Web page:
The Queen is dead.
Aretha Louise Franklin, a preacher’s daughter from Memphis who was broadly acclaimed the greatest singer of the last half-century — indeed, one of the greatest singers in the history of American song — died of pancreatic cancer last week at her home in Detroit. She was 76.
And if you are seeking to understand what makes her worthy of those accolades and superlatives, you’re going about it all wrong. Don’t just read this or any other appreciation. Don’t just sit and watch august personages pay homage on the cable news channel.
No, get out your music player and put on “Chain of Fools.” Put on “Freeway of Love” or “(You Make Me Feel Like) A Natural Woman.” Put on her version of “Bridge Over Troubled Water.” And for goodness sake, put on “Respect.” Do that, and you will understand why she was called — with no hint of irony or crass showbiz hokum — the Queen of Soul.
Barack Obama once put it like this: “American history wells up when Aretha sings.”
Ray Charles said, “I don’t know anybody that can sing a song like Aretha Franklin. Nobody. Period.”
And Rolling Stone observed: “You know a force from heaven. You know something that God made. And Aretha is a gift from God. When it comes to expressing yourself through song, there is no one who can touch her. She is the reason why women want to sing.”
That was in a story listing the “100 Greatest Singers of All Time” — not in terms of sales or cultural impact, but simply on the basis of pure vocal ability. It was a ranking that included the iconic likes of Etta James, Elton John, Elvis Presley, David Ruffin, Bono, Bruce Springsteen and Patsy Cline. But at the very top of the list sat Aretha.
Franklin signed with Atlantic Records in 1966. She would top the charts with her first single release, the bluesy title song from her first album, “I Never Loved a Man (The Way I Love You).” But it was her next release that would cement her place not simply in music, but in sociocultural history.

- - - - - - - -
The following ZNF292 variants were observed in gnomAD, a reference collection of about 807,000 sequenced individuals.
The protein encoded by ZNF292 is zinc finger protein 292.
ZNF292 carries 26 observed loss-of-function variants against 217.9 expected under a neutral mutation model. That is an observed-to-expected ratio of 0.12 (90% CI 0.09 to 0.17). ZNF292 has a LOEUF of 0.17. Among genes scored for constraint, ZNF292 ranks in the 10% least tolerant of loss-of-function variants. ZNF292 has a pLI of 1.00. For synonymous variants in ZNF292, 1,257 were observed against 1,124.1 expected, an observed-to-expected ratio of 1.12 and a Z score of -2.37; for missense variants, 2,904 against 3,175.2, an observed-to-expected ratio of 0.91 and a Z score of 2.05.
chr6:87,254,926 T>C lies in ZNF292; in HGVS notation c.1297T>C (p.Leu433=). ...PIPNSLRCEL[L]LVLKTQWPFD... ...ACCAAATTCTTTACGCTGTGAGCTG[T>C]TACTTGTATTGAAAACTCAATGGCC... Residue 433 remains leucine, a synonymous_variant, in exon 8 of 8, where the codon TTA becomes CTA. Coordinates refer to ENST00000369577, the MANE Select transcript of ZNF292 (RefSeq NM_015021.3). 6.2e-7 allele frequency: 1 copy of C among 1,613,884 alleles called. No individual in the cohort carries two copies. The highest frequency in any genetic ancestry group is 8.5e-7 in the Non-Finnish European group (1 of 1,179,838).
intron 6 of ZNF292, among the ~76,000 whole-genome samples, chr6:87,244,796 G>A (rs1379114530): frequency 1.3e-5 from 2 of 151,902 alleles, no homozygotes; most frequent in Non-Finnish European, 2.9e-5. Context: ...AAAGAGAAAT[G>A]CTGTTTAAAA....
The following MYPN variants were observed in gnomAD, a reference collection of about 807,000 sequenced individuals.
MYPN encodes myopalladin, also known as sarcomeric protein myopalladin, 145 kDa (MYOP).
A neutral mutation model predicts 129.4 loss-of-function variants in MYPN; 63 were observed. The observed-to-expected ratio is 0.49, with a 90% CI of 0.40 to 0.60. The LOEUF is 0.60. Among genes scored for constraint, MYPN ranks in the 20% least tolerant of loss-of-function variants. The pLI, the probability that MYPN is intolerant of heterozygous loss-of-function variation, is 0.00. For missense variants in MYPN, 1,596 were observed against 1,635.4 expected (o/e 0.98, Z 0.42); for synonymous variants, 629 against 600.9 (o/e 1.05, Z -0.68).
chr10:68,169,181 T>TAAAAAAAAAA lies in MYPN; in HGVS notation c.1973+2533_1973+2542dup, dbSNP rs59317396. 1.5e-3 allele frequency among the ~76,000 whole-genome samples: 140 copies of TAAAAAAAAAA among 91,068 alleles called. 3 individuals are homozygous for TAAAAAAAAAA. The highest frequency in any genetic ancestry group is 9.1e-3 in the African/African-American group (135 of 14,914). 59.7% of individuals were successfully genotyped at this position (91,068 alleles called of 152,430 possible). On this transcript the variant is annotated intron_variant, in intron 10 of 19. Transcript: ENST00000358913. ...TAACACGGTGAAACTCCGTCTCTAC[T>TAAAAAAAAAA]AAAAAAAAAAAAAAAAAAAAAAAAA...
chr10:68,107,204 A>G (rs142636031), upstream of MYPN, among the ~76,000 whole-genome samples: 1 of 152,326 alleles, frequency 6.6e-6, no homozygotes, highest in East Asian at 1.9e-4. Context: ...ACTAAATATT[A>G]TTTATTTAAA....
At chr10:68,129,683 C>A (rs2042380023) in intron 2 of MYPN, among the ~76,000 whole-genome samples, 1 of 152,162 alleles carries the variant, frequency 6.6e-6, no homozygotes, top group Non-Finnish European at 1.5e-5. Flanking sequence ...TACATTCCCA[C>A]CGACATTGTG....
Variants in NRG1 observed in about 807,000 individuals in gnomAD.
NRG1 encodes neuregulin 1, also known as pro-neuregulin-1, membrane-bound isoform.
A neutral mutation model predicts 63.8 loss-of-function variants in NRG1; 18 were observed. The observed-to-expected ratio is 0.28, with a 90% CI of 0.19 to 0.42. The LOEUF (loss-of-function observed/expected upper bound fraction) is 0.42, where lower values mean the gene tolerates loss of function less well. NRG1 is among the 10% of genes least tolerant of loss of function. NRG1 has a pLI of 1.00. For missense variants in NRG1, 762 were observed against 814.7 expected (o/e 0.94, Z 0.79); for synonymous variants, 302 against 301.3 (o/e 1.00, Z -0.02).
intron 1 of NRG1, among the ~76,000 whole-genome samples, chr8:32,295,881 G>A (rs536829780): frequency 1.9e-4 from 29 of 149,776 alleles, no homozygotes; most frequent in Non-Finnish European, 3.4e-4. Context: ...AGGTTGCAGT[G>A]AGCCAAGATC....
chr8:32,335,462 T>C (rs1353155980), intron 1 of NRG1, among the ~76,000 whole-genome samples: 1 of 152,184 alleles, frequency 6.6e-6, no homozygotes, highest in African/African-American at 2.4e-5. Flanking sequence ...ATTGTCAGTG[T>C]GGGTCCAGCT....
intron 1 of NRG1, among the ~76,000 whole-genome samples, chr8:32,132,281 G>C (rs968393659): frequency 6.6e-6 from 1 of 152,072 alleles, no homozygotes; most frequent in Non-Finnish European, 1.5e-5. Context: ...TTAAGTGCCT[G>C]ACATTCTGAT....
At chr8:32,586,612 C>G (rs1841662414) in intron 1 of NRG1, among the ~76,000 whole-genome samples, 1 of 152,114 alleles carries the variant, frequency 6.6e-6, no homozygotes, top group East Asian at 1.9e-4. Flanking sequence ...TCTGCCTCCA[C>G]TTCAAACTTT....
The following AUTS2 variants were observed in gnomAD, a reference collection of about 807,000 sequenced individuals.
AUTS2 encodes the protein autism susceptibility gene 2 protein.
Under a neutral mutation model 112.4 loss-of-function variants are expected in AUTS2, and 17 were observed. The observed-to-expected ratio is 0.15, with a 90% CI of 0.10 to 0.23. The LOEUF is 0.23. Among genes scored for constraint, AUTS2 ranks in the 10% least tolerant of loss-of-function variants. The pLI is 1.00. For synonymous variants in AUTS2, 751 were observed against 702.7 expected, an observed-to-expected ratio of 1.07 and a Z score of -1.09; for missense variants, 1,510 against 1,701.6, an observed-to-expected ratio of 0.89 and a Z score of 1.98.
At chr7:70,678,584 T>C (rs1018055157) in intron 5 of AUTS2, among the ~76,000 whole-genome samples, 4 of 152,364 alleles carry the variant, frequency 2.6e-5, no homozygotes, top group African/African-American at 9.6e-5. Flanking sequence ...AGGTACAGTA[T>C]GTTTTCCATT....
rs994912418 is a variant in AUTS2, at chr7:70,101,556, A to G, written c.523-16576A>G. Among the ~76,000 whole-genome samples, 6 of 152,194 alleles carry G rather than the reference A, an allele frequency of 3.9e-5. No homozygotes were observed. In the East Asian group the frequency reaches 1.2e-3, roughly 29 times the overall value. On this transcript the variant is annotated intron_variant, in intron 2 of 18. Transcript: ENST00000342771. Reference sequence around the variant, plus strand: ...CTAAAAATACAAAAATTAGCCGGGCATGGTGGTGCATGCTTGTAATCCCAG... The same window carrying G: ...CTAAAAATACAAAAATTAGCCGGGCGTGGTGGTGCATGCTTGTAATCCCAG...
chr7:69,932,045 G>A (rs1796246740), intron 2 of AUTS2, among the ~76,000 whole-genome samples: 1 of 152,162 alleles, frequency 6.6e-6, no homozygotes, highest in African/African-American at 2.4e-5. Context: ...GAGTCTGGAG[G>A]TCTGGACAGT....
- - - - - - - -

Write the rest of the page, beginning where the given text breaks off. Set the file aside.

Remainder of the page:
“Respect” was written and originally recorded by Otis Redding, the mighty soul man from Stax Records, as a standard-issue slab of Memphis soul. The horns traced curlicues behind Redding’s brawny vocals as he issued a traditionally masculine plea to be taken seriously in his own home. But Franklin subverted and exploded the song, first by simply daring, as a woman, to sing it, appropriating for herself and, by extension, women in general, the role of the aggrieved breadwinner seeking her propers. Except, she didn’t plead. She demanded.
Franklin’s arrangement sweetened the harder edges of Redding’s version, her fiery performance whipped along by a chorus of head-bobbing sass. “Just a little bit,” the background singers trilled, counterpointing her demands for “respect.” And then comes the dramatic break where the music falls away and against a stark silence, Franklin literally spells out what she wants, in case it is not by now abundantly clear: “R-E-S-P-E-C-T, find out what it means to me.” The backstory of Franklin’s life at that moment —for six years, she had been in a physically abusive marriage to her first husband Ted White; they would divorce in 1969 — only adds to the drama of the performance.
More than a song about a trifling lover, Aretha Franklin’s “Respect” became an anthem for both the civil rights and women’s rights movements. People soon forgot that Otis Redding had ever sung it. Or as he groused good-naturedly, “Respect” was the song that “a girl took away from me.”
And then, there was the 2015 Kennedy Center Honors wherein Franklin performed “(You Make Me Feel Like) A Natural Woman,” for Carole King, co-writer of the song and one of the night’s honorees. The performance Franklin gave that night was one for the ages, one she pulled from some deep place to which mere mortals have no access.
King clapped and jumped and seemed at times about to topple off the balcony. President Obama wiped away tears. And then Franklin, who had begun the song seated at her piano shrouded in a mink, stood up to finish the song and dropped the pricey fur to the floor in a gesture of pure, grand dame authority, and it was all over.
Yes, the Queen is dead.
But long live the Queen.